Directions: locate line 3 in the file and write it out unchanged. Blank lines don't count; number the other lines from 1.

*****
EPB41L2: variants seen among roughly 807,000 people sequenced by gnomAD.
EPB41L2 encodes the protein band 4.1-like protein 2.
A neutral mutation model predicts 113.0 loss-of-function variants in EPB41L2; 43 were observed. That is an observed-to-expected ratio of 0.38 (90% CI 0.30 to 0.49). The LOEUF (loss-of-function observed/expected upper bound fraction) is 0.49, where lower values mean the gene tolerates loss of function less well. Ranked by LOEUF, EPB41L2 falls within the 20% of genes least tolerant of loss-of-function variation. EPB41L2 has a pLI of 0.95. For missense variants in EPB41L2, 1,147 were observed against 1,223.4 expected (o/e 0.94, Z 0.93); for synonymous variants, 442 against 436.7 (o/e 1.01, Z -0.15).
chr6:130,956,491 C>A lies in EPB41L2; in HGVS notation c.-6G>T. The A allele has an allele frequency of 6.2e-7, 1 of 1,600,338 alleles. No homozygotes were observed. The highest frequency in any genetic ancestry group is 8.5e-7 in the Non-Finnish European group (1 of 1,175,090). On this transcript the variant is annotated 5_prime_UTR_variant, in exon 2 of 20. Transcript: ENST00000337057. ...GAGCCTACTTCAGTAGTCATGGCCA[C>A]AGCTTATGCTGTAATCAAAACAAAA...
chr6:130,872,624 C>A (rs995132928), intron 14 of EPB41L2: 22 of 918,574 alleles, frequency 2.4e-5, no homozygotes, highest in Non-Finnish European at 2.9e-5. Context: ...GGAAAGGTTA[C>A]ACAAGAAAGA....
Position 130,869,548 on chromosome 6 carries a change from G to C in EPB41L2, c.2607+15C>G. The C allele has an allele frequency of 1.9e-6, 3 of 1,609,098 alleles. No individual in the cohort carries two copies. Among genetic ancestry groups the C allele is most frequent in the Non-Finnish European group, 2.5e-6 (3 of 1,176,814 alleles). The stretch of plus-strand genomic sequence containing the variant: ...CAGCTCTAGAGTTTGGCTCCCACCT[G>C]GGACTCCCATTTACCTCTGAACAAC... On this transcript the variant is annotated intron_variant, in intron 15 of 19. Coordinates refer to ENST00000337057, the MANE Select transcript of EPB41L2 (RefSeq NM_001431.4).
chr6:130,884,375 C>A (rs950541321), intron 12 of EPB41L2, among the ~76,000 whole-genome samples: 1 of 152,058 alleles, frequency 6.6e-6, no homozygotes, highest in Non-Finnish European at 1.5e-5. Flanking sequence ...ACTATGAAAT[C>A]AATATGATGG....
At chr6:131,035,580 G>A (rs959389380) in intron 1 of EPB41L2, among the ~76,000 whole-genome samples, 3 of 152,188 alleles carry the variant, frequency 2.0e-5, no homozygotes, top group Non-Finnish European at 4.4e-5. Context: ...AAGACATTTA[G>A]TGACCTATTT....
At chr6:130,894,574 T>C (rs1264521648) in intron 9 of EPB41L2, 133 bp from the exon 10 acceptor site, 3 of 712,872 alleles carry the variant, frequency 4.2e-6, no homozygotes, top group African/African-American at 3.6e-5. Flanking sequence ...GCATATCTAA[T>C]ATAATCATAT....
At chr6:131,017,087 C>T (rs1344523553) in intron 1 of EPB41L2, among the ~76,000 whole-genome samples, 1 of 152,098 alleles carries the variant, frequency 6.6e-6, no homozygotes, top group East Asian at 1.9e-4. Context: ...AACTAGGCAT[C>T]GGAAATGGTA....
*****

A neutral mutation model predicts 113.0 loss-of-function variants in EPB41L2; 43 were observed. That is an observed-to-expected ratio of 0.38 (90% CI 0.30 to 0.49). The LOEUF (loss-of-function observed/expected upper bound fraction) is 0.49, where lower values mean the gene tolerates loss of function less well. Ranked by LOEUF, EPB41L2 falls within the 20% of genes least tolerant of loss-of-function variation. EPB41L2 has a pLI of 0.95. For missense variants in EPB41L2, 1,147 were observed against 1,223.4 expected (o/e 0.94, Z 0.93); for synonymous variants, 442 against 436.7 (o/e 1.01, Z -0.15).